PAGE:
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EdNewman 

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So, just thinking about what kit to buy for next year. I was thinking ashforth's, but what are the opinions on what feeders to use when?

Ed.
 

oliver90owner 

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Next year? When?

Different feederers are appropriate in different circumstances, so what circumstances are you considering them for?

Ashforths are irrelevant in late winter/early spring.

RAB
 

MuswellMetro 

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if you just have one hive in the back garden or close to home with easy inspection access, you can get way with a £5 2lt rapid round feeder,, you may in the weeks you are feeding need to top it up twice a week but if you are new you would problably feel you want to see how your bees are feeding anyway

a larger feeder like thornes ashworth , larger rapid green plastic feeders by maisemore and park Bees or thornes, vacuum formed drop in feeders are ok for autumn fed when you have a large number of hives and are feeding gallons of feed at a time but these have their disadvantage such as mouldy feed, overfeeding and spills of syrup moving large unstable containers

but in the first year the amount of feeding depends on lots of other factors 1] standard or 14x12 brood 2} date you get your Nuc 3] nectar flow in your area 4] amount of honey you take off


a beginner on our site has all the kit and is running a July nuc in a 14x12 and has only needed to feed 4ltr of syrup to bring it to yate's recomended weight another on standard brood and 15lbs of honey taken off has already fed 8ltrs
 

EdNewman 

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just a couple of hives in the bark garden, so a rapid feeder it is. Thanks for your help.
 

sss 

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I use ashforths on my commercials. I find them very good so far. I prefer them over my rapid feeder.

You do need to make sure the syrup does not go mouldy. Other than that I find them fine.

I also use them when I need to feed fondant. By turning them upside down gives me enough space to put the fondant. Saves buying an eke or using a full size super.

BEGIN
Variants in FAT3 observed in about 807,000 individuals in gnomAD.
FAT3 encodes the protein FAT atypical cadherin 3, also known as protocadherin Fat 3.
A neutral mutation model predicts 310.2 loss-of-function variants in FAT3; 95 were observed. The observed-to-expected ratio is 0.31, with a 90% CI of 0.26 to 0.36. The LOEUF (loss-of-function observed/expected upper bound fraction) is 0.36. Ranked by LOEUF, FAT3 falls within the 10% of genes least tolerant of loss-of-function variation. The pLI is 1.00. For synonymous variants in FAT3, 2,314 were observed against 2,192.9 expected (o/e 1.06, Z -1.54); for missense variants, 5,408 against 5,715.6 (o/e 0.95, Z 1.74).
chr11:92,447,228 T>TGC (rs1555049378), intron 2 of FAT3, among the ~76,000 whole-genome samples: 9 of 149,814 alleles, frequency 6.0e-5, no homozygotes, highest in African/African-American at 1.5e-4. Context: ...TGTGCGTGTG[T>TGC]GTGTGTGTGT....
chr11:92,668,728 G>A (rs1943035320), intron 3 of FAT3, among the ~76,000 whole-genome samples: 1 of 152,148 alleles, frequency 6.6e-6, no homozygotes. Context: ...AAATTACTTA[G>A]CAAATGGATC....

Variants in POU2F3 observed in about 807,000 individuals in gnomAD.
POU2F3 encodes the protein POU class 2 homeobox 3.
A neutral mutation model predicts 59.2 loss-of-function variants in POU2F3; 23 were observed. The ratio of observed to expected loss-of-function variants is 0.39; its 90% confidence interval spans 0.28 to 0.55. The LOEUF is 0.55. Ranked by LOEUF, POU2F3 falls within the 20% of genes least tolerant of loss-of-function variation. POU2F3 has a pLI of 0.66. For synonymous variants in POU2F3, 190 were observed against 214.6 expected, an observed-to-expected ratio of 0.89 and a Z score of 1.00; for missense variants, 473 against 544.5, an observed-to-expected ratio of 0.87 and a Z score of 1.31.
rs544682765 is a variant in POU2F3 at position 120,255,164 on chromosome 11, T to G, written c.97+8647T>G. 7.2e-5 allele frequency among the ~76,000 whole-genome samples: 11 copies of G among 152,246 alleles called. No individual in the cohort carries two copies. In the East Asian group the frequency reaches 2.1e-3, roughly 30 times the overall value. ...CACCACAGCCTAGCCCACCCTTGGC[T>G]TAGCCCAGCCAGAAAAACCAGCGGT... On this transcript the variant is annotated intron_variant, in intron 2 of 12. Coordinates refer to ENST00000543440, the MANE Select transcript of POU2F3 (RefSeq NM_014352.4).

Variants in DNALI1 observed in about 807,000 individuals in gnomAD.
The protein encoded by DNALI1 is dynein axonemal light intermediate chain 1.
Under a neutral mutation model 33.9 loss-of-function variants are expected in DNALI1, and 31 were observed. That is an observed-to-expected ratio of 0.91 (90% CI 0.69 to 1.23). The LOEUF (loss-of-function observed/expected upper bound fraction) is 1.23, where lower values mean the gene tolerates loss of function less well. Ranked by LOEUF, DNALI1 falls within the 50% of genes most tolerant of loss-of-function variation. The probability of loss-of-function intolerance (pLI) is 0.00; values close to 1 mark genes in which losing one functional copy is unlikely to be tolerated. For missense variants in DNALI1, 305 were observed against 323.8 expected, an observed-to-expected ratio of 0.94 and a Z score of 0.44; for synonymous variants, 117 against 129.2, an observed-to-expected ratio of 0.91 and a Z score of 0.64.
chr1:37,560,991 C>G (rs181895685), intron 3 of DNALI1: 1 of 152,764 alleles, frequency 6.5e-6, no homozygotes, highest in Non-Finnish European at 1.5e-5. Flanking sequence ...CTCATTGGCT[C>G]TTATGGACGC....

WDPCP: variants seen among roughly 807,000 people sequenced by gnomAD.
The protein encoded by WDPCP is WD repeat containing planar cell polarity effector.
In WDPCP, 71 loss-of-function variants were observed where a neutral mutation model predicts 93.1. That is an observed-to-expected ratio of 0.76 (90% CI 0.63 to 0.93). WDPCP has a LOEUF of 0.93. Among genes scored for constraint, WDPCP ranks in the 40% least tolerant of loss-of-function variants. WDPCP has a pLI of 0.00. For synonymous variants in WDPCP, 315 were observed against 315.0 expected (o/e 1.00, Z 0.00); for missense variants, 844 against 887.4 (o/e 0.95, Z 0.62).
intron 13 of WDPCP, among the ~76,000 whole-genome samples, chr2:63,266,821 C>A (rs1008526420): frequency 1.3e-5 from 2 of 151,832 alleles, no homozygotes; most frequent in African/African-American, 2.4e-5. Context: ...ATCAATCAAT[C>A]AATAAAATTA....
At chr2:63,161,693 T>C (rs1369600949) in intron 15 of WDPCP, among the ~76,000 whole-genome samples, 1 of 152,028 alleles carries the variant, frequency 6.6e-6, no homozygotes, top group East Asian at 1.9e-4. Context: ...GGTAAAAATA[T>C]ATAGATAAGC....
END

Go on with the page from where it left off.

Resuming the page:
MMJ100 

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I find Ashforths work very well. Firstly my supplier of colonies had a similar type of feeder on the hive when I collected the 2 new colonies last May. I noticed he had trays in the feeder and wax comb pieces therein. I found the bees loved to feed out of the comb. I of course had to refill regularly - about every 2 weeks - but that was no a problem for me.
Secondly, I found that my bees liked to feed on Fondent which I placed in the Ashforth feeder last winter. So I will clear out the comb at the end of oct in preparation for fondant.
I would say that I am a lot warmer here in the winter.
I did try other bulk feeders but I had so many problems - with drowning bees etc.
Michael
 

Arfermo 

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Miller/Ashforth are best for autumn feeding. In winter the only suitable feed is fondant as they can eat it as it is without any further processing and the best place for it is on top of the brood frames on a flat plastic tray within an eke. That ensures the cluster can get at it quickly as they need it and being above the cluster it does not go too solid for them to use it. Sticking it in a Miller or Ashforth feeder is not preferable imho.
 

nonstandard 

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if you just have one hive in the back garden or close to home with easy inspection access, you can get way with a £5 2lt rapid round feeder,, you may in the weeks you are feeding need to top it up twice a week but if you are new you would problably feel you want to see how your bees are feeding anyway
I have the 2 ltr rapid feeders on my two home based hives and being a newbie check them regularly, both hives are taking down at least 1 ltr a day and have taken 2 ltrs over the last 2 days (poor weather). If the hives were further away I would at least be looking at the jumbo rapid feeders.
 

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